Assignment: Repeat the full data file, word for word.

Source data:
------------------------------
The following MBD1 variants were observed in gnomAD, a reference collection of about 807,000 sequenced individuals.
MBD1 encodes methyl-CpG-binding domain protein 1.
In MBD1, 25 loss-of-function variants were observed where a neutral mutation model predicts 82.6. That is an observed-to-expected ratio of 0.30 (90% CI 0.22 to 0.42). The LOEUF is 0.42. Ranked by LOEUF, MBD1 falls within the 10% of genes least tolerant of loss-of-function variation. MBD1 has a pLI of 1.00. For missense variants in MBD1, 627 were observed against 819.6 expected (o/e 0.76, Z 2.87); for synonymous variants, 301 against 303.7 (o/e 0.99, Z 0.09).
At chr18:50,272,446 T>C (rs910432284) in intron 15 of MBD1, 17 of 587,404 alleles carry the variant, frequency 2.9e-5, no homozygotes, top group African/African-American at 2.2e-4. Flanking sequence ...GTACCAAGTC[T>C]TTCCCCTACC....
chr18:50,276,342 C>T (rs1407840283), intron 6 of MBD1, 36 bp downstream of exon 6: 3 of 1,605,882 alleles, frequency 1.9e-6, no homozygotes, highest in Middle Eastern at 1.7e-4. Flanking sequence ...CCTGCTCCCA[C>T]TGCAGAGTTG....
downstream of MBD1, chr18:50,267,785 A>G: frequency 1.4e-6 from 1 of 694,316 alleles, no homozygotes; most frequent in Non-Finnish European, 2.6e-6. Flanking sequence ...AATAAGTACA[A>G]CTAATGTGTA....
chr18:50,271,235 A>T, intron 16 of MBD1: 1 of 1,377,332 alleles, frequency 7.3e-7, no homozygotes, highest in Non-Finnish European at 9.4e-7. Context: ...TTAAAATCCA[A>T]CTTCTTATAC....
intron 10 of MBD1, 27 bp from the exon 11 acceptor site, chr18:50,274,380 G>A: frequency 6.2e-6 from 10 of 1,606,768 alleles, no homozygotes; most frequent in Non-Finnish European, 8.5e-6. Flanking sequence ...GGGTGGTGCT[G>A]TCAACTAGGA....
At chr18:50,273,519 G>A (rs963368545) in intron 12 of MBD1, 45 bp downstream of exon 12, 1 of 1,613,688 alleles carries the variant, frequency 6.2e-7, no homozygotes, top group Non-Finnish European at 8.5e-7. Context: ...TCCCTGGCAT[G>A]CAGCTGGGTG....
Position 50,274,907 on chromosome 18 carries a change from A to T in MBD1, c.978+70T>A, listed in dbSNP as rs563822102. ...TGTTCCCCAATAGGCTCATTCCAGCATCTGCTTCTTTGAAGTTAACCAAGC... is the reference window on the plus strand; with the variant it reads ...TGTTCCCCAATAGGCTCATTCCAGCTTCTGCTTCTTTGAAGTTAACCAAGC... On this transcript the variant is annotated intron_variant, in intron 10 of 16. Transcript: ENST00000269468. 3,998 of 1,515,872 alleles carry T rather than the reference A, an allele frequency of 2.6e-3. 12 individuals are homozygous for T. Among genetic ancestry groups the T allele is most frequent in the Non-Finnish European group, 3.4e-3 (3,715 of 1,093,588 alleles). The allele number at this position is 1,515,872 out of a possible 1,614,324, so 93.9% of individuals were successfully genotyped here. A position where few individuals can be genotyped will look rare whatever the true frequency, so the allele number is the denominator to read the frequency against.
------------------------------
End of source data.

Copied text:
The following MBD1 variants were observed in gnomAD, a reference collection of about 807,000 sequenced individuals.
MBD1 encodes methyl-CpG-binding domain protein 1.
In MBD1, 25 loss-of-function variants were observed where a neutral mutation model predicts 82.6. That is an observed-to-expected ratio of 0.30 (90% CI 0.22 to 0.42). The LOEUF is 0.42. Ranked by LOEUF, MBD1 falls within the 10% of genes least tolerant of loss-of-function variation. MBD1 has a pLI of 1.00. For missense variants in MBD1, 627 were observed against 819.6 expected (o/e 0.76, Z 2.87); for synonymous variants, 301 against 303.7 (o/e 0.99, Z 0.09).
At chr18:50,272,446 T>C (rs910432284) in intron 15 of MBD1, 17 of 587,404 alleles carry the variant, frequency 2.9e-5, no homozygotes, top group African/African-American at 2.2e-4. Flanking sequence ...GTACCAAGTC[T>C]TTCCCCTACC....
chr18:50,276,342 C>T (rs1407840283), intron 6 of MBD1, 36 bp downstream of exon 6: 3 of 1,605,882 alleles, frequency 1.9e-6, no homozygotes, highest in Middle Eastern at 1.7e-4. Flanking sequence ...CCTGCTCCCA[C>T]TGCAGAGTTG....
downstream of MBD1, chr18:50,267,785 A>G: frequency 1.4e-6 from 1 of 694,316 alleles, no homozygotes; most frequent in Non-Finnish European, 2.6e-6. Flanking sequence ...AATAAGTACA[A>G]CTAATGTGTA....
chr18:50,271,235 A>T, intron 16 of MBD1: 1 of 1,377,332 alleles, frequency 7.3e-7, no homozygotes, highest in Non-Finnish European at 9.4e-7. Context: ...TTAAAATCCA[A>T]CTTCTTATAC....
intron 10 of MBD1, 27 bp from the exon 11 acceptor site, chr18:50,274,380 G>A: frequency 6.2e-6 from 10 of 1,606,768 alleles, no homozygotes; most frequent in Non-Finnish European, 8.5e-6. Flanking sequence ...GGGTGGTGCT[G>A]TCAACTAGGA....
At chr18:50,273,519 G>A (rs963368545) in intron 12 of MBD1, 45 bp downstream of exon 12, 1 of 1,613,688 alleles carries the variant, frequency 6.2e-7, no homozygotes, top group Non-Finnish European at 8.5e-7. Context: ...TCCCTGGCAT[G>A]CAGCTGGGTG....
Position 50,274,907 on chromosome 18 carries a change from A to T in MBD1, c.978+70T>A, listed in dbSNP as rs563822102. ...TGTTCCCCAATAGGCTCATTCCAGCATCTGCTTCTTTGAAGTTAACCAAGC... is the reference window on the plus strand; with the variant it reads ...TGTTCCCCAATAGGCTCATTCCAGCTTCTGCTTCTTTGAAGTTAACCAAGC... On this transcript the variant is annotated intron_variant, in intron 10 of 16. Transcript: ENST00000269468. 3,998 of 1,515,872 alleles carry T rather than the reference A, an allele frequency of 2.6e-3. 12 individuals are homozygous for T. Among genetic ancestry groups the T allele is most frequent in the Non-Finnish European group, 3.4e-3 (3,715 of 1,093,588 alleles). The allele number at this position is 1,515,872 out of a possible 1,614,324, so 93.9% of individuals were successfully genotyped here. A position where few individuals can be genotyped will look rare whatever the true frequency, so the allele number is the denominator to read the frequency against.